Skip to comments.WEEKLY GARDEN THREAD VOLUME 36 SEPTEMBER 6, 2013
Posted on 09/06/2013 11:58:59 AM PDT by greeneyes
The Weekly Gardening Thread is a weekly gathering of folks that love soil, seeds and plants of all kinds. From complete newbies that are looking to start that first potted plant, to gardeners with some acreage, to Master Gardener level and beyond, we would love to hear from you.
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I have some beautiful tomatoes that are green, but will be big slicers Lord willing and the critters don't munch. Getting ready to pull out almost everything else, and add some compost and soil nutrients etc to prepare for winter planting.
It seems that the growing season has really flown by this year. It's hard to believe it is almost fall. The persimmons are almost ripe. Hubby had a minimal grape harvest, but he did get a gallon of juice.
Hope you all are doing well. Have a great weekend, and God Bless.
Pinging the List.
I wish my maters had done better this growing season. We had soooo much rain the soil never dried out. The hot peppers didn’t like it either. But I have gotten a few peppers here recently. My tomato plants are dead now so no hope for those. With all the rain I wonder what winter will bring!!
I will be getting my garden plot ready for the fall garden this coming week. We need rain in Texas. Our lake is at 33% capacity and is expected to go lower. We are on water rationing for the foreseeable future. Really stinks to be in such a drought.
from CT: My turnip greens seeded themselves and gave me another crop! Even in the walkways of the garden! Lots of Tomatoes - mostly green, hope they turn red before the frost. Butternut popping up everywhere. okra just starting. thought I had no flat beans but got a lot the other day. my cup runneth over.
The Fuji’s looks good this year, Asian pears have been bountiful, the dwarf fruuit trees have delivered,, juicy crispy yummy, squirrels not pleased , the netting made a big difference.
I may have to grow some veggies next year, and knock back a lemon tree, it,s getting too tall to pick from easily.
Enjoy your harvests.
Our new Excaliber 3500 should be delivered Monday; got it at Amazon, and for some reason known only to them, white was $20 less than black. I’ll break it in with sunflower seeds, to get the moisture content down enough to store without destroying viability; ditto corn I want to save for seed. Plan to also put some cilatro in it, as well as catnip. Might have to do apples somewhere in between. Between the Amazon discounts; free shipping, and a $50 gift card from redeeming CC ‘reward points’, it only cost $130 out of pocket: The Frugal Freeper strikes again!
We’ve be “squashing” everyone in sight, including a powerline crew doing maintenance on the right-of-way. We’ve also gotten our first winter squash. early this week.
Jacob’s Cattle beans are finished; Great Northerns & White Greasy cutshorts are about half way or so done. Still getting green Espada bush beans; I’ll plant them again, even though they’re a hybid. The brown cowpea-type limas are loaded with immature pods; those seeds are savable, too..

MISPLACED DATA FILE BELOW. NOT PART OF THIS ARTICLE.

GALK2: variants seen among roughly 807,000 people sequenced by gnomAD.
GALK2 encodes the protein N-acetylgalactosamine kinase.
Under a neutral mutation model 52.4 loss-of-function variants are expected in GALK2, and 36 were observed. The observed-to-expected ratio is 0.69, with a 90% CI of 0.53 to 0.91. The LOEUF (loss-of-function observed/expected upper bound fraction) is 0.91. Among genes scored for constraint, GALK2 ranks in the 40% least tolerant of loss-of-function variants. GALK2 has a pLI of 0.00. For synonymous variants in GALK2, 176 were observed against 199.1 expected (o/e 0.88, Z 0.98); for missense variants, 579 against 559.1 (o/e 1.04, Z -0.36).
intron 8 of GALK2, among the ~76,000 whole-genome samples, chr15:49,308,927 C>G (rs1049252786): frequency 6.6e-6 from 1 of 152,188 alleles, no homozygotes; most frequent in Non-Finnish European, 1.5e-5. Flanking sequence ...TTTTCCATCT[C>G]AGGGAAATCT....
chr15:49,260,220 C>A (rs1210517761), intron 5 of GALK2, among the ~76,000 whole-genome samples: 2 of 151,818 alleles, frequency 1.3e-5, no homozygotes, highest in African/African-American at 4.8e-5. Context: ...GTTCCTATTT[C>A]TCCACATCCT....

I learned for next year: plant JCB as bush beans, since they don’t climb; and GN as pole beans, as they DO climb. I was certain JCB were clibmers, so planted nearly 40 left overs that didn’t fit their area next to a row of the Russin sunflowers, so they could climb the stalks: MISTAKE; as bush beans, they got too much shade and didn’t produce at all. I should have put them away for next year.
Still getting cukes; and I can’t believe the potatoes still aren’t anywhere near ready to dig. Okra was a bust, as it was too cool & wet for it early & mid summer.
Sometime this coming week I need to get the tilling done for the winter rye & wheat planting due the following week.
Carrots have had a banner year, and our first ever attempt at leeks has been a success, after a rocky start.
And 1st out.
Don’t forget to change your drivers.
I know of tractors that can plow faster than some of my picks of late
A question or two about figs: this is the first year our tree is really bearing. If I leave them on the tree to ripen, the ants and the hornets get to them (and I’ve brushed off the insects and bit the other side of the fig - superb.) If I bring them inside before the bugs get them, they don’t ripen nearly as well, and some of them ferment and the fruit flies get them.
So what do you fig growers do?
In previous years we always had lots of hard green figs about now and I thought NJ summers just weren’t warm enough or long enough to ripen them. But this has been the wettest summer in fifteen years or so; the grass in the field is six feet high. So in future summers I will water the fig tree well if we don’t have as much rain, and see how that works out.
This season really has gone quickly, hasn’t it?
LOL. Still pretty spry with the fingers on the keyboard.
One thing about the weather is it can always suprise you just when you think you have it all figured out. Hope for the best and prepare for the worst.LOL
I really empathise with you all. I remember last summer here, and you all have really had years of it.
I have a friend who has a very prolific fig tree and she dehydrates them when they ripen on the tree.
I didn’t know Turnip greens would do that. I might have to develop a taste for them.LOL
Count your blessings and preserve the harvest!
Wow! Frugality pays!
We have had no return on our dwarf orchard so far. This year should have had peaches, but they are dying. Next year we hope to have some apples.
I am putting leeks on my wish list for next year. Still waiting for my garlic shipment for fall planting. I won’t have to worry about planting winter wheat till October 15 thank goodness. September is shaping up to be a whirlwind of everything except gardening.